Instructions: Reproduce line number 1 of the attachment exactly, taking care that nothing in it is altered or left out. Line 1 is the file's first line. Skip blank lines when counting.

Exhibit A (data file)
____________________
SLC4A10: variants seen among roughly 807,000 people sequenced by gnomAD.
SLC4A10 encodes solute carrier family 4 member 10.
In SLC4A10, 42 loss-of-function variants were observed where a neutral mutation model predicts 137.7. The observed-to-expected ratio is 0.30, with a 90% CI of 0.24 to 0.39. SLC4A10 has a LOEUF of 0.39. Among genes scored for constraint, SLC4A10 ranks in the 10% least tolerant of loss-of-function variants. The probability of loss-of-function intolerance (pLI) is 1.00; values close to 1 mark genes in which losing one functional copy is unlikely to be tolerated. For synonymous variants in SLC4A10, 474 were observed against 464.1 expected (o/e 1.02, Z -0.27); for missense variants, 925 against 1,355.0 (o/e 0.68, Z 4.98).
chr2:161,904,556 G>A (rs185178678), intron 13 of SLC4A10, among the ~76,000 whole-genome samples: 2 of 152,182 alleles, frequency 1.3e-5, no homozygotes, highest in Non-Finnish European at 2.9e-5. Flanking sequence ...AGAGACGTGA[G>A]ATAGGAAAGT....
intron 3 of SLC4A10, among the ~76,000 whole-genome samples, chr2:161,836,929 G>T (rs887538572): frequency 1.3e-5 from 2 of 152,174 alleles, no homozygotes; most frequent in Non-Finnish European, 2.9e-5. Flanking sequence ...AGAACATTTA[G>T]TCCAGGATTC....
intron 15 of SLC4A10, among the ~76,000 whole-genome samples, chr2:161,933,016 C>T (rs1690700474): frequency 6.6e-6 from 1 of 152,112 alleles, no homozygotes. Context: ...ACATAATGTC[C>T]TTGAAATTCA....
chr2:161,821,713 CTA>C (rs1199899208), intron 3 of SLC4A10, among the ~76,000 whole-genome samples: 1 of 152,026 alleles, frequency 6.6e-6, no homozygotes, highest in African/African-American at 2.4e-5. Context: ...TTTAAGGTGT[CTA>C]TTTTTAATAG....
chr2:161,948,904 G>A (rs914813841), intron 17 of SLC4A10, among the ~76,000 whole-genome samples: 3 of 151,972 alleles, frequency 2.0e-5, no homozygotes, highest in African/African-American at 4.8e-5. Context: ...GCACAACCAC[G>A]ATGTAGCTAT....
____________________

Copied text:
SLC4A10: variants seen among roughly 807,000 people sequenced by gnomAD.